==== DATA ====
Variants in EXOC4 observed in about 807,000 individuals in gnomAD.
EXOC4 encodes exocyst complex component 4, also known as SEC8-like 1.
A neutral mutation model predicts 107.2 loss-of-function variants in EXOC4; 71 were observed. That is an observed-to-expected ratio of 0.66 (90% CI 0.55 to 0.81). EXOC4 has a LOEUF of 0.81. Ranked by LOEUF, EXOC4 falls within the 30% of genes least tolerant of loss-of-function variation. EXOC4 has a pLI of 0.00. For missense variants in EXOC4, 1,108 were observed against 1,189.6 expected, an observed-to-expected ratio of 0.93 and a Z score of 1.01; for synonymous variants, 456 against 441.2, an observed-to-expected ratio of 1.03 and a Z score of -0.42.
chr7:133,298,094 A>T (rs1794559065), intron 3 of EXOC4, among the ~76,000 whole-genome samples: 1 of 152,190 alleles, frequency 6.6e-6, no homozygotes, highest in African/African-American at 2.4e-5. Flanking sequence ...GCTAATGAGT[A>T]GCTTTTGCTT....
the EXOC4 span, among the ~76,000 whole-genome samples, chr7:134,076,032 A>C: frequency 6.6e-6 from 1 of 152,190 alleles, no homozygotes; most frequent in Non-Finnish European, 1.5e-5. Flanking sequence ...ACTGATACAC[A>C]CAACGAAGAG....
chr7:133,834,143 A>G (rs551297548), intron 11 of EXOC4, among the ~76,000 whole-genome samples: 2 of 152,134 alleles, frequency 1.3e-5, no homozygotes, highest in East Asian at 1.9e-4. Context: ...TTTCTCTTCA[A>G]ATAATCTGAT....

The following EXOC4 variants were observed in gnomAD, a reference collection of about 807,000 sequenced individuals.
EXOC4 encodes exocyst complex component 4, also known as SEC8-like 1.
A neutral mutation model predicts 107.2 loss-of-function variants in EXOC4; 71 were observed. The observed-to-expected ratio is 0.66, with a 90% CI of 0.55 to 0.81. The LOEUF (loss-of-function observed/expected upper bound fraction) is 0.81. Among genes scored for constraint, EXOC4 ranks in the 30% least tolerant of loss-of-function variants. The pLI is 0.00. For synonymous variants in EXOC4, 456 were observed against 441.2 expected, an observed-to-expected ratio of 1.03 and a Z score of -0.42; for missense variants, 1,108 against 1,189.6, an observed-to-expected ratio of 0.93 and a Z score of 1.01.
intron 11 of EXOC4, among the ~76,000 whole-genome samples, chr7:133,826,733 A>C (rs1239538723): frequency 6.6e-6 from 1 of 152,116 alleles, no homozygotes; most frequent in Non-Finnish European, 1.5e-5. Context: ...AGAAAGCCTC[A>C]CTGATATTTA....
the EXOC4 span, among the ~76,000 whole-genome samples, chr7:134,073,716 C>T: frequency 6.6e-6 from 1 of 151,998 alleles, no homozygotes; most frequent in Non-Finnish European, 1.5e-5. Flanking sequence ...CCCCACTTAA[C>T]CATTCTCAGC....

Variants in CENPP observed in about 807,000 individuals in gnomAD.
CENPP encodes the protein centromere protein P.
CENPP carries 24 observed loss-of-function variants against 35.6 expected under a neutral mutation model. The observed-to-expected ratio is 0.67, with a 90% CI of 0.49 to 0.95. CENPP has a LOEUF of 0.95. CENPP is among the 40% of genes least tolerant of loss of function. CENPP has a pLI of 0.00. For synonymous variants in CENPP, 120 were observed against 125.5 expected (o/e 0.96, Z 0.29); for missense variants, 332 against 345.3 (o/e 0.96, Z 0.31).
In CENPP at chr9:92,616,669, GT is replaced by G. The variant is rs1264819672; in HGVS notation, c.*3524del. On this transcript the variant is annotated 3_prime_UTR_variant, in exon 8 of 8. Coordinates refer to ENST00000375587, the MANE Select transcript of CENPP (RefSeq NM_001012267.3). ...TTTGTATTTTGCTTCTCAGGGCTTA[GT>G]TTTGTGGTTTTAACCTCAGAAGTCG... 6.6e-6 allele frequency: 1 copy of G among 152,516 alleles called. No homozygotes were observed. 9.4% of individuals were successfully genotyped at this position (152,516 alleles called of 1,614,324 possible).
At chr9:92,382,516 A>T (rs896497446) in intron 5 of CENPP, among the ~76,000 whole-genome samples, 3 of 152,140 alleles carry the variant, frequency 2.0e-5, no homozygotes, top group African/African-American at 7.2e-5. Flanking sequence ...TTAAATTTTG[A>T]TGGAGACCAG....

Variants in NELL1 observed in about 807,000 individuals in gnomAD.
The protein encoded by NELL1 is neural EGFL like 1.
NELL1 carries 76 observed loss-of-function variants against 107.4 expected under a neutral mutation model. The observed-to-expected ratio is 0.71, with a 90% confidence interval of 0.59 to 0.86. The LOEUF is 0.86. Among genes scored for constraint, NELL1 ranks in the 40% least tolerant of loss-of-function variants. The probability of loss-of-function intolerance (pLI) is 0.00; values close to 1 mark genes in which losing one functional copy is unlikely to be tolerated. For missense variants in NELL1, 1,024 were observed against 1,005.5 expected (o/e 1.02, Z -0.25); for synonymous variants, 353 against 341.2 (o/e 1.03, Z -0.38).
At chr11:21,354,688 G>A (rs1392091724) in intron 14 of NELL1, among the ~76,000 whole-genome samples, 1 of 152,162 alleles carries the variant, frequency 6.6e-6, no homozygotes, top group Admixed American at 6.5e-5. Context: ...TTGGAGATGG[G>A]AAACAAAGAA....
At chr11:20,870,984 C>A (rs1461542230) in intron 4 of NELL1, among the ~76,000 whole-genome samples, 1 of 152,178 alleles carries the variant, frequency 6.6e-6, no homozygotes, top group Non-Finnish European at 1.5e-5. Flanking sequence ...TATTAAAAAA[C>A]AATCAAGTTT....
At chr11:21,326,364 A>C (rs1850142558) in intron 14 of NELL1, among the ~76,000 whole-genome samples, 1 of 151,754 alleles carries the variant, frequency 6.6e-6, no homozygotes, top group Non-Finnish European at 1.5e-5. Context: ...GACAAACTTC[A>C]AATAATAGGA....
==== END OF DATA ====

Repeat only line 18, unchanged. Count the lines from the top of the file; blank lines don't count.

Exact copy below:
The protein encoded by NELL1 is neural EGFL like 1.